Want to know how to avoid one of the biggest health dangers we’re facing today? I can tell you some of the top hiding places for this risky food substance. But, first, what is this big risk to your health?
Added sugar has become public enemy #1 when it comes to good health. It’s just bad stuff, and in some cases can even be toxic. Your body isn’t meant to handle as much of it as you’re consuming, and the health complications of added sugar are numerous.
Added sugar is a major cause of type 2 diabetes, obesity, and heart disease; it even plays a degenerative role in your immune system.
What makes added sugar more dangerous is its unavoidable presence in the American diet. So many foods are packed with added sugars that they can be nearly impossible to avoid. So, yes; limiting your sugar intake is difficult, but it’s still doable if you have the inside scoop.
The best way to improve your health as fast as possible is to avoid added sugar. It’s hiding all over the place, so knowing where to look is essential for your health. Here are some of the top hiding places for added sugars:
Ketchup: A single tablespoon of ketchup has 4 g of added sugar. It might not sound like a lot, but who only consumes 1 Tbsp (tablespoon) per serving? Instead of loading up on ketchup for hamburgers and hotdogs, focus on adding flavor, using fresh veggie garnishes and mustard.
Salad Dressing: One of the fastest ways you can turn a seemingly healthy meal into a sugary disaster is by adding a sweet dressing to it. Raspberry vinaigrette dressing, for example, can have 5-7 g of sugar per 2 Tbsp. And much like the ketchup conundrum, most people are far more likely to add more than 2 Tbsp of dressing to their salads. Scrap the sugar and get the full-value of a healthy salad by using a balsamic dressing.
Pasta Sauce: Even savory items, like soup and sauces, can be filled with sugar. You might not think pasta sauce is a sweet treat, but half a cup of pasta sauce has 12 g of added sugar—the same amount as a chocolate chip cookie. Instead of buying canned pasta sauce, try making your own, without the sugar. Or even better: use pesto sauce and whole-grain pasta instead of white pasta.
BBQ Sauce: There are 13 g of sugar in every two 2 Tbsp of BBQ sauce, and nobody is using 2 Tbsp—that single rib you just ate probably has twice that amount! Instead of using BBQ sauce, opt for dry rubs and seasonings. I’ve even slow-cooked using water and vinegar to bring out the natural flavors of the meat.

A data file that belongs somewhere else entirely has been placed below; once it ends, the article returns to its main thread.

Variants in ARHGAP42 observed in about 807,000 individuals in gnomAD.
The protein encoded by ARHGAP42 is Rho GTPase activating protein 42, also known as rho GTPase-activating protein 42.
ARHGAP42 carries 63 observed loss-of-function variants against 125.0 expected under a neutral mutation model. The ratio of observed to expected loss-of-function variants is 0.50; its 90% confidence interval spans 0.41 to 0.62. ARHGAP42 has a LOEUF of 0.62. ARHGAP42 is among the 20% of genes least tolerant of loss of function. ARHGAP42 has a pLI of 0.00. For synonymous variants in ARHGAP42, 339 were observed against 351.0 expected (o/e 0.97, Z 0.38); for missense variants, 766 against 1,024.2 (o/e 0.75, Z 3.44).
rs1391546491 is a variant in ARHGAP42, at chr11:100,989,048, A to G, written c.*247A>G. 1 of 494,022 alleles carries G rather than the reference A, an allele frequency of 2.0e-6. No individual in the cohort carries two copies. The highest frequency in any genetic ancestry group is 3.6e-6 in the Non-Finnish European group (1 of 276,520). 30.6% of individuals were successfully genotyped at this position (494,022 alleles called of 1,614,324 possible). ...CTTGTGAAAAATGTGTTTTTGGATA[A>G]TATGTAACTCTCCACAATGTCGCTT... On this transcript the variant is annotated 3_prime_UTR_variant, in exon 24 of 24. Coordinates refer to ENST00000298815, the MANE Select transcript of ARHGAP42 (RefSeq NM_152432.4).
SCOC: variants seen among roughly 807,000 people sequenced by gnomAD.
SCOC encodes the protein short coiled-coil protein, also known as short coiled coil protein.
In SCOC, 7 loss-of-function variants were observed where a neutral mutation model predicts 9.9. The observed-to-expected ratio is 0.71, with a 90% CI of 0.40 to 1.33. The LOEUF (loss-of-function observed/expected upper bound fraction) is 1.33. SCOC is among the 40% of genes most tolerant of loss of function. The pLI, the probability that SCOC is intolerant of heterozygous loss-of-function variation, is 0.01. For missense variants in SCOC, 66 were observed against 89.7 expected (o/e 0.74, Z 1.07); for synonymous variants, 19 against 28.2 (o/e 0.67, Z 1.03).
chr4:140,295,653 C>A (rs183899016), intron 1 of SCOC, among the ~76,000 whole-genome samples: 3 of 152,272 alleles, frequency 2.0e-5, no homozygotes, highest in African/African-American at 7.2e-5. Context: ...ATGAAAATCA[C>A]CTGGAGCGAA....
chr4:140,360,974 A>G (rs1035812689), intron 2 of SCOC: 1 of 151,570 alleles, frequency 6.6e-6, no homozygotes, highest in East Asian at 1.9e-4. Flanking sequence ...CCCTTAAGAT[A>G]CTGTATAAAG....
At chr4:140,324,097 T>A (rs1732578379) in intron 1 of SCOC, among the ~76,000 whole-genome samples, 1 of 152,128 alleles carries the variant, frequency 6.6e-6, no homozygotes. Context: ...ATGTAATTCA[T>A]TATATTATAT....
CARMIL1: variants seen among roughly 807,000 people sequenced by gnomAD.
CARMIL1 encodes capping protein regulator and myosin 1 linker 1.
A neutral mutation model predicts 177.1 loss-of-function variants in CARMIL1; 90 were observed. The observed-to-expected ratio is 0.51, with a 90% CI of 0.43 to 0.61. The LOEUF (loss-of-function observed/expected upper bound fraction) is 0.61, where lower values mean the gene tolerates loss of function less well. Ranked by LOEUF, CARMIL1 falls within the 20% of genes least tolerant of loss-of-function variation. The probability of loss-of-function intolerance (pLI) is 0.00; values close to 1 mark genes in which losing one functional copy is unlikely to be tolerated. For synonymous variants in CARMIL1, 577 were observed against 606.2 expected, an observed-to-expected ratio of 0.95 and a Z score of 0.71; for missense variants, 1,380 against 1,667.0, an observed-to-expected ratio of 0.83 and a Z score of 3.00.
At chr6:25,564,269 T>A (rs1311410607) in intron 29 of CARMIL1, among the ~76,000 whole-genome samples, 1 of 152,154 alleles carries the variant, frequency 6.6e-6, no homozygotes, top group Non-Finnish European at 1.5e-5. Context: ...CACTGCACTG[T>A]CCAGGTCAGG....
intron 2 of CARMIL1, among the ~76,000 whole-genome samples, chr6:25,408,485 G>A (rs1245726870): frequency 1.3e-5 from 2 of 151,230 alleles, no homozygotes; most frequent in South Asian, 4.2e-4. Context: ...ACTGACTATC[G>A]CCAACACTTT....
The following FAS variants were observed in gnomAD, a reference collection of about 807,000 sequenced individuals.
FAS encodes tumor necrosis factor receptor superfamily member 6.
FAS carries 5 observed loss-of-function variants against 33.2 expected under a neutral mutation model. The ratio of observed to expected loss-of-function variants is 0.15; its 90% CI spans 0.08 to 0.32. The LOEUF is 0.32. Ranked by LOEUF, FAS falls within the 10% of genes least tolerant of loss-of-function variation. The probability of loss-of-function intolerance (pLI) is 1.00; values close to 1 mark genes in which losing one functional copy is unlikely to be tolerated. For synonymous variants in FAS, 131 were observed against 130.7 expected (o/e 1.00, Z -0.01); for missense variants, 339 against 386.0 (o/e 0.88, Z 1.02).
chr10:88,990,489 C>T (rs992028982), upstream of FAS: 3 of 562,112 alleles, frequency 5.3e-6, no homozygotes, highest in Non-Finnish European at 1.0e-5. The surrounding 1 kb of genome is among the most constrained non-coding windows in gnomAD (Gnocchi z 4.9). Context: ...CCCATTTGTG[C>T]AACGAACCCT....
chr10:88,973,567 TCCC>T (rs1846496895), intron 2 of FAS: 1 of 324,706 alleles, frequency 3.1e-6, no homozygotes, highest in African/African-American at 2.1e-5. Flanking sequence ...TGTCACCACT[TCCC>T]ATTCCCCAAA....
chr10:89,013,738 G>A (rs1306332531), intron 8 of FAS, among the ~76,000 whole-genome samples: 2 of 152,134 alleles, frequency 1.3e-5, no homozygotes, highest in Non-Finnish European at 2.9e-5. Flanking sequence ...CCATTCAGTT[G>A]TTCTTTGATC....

Yogurt: Not all yogurts are created equal. Fruit-added yogurt tastes just as sweet as a dessert pudding because it essentially is a dessert. There are about 19 g of sugar in a fruit-added yogurt, and about 14 g of that are added. Greek yogurt, on the other hand, has about 5 g of naturally occurring sugars.
Dried Fruit: Dried fruit may seem like a healthy snack, but it really isn’t. When fruit is dried out, it essentially becomes straight sugar. Just 1/3 of a cup can have as much as 24 g of the sweet stuff. Sometimes there are added sugars, too. The main benefit of whole fruits is that they deliver sugar along with fiber. Fiber helps slow the absorption of sugar and helps the body stave off insulin spikes. When fruit is dried out, it loses this valuable fiber and its important health benefits. The same is true when fruits are converted to juice.
The average American consumes about two to three times as much sugar per day as they should. Generally speaking, the average man should be getting about 150 calories or so of sugar per day, and the average woman about 100. There are variables like size and weight, but this is what’s generally recommended.
Limiting your added sugar intake means becoming ingredient-literate. Foods that are branded “diet” and “low fat” are often loaded with added sugars to make up for removed fat. The sugars add the flavor and texture that people have become accustomed to.
Reading labels is important in enabling you to avoid these hidden sugars. You want to look at the sugar content, as well as pay attention to words like “glucose,” “sucrose,” and “fructose,” as well as various syrups such as corn syrup and high-fructose corn syrup. The higher up on the ingredient list you see these items, the more of them there is.
Don’t let food manufacturers successfully shorten your life span. Fight back against the ill effects of added sugars by reading labels and using fresh alternatives.
Source for Today’s Article:
University of Utah, “Fructose more toxic than table sugar in mice,” University of Utah web site, January 5, 2015; http://unews.utah.edu/news_releases/fructose-more-toxic-than-table-sugar-in-mice/.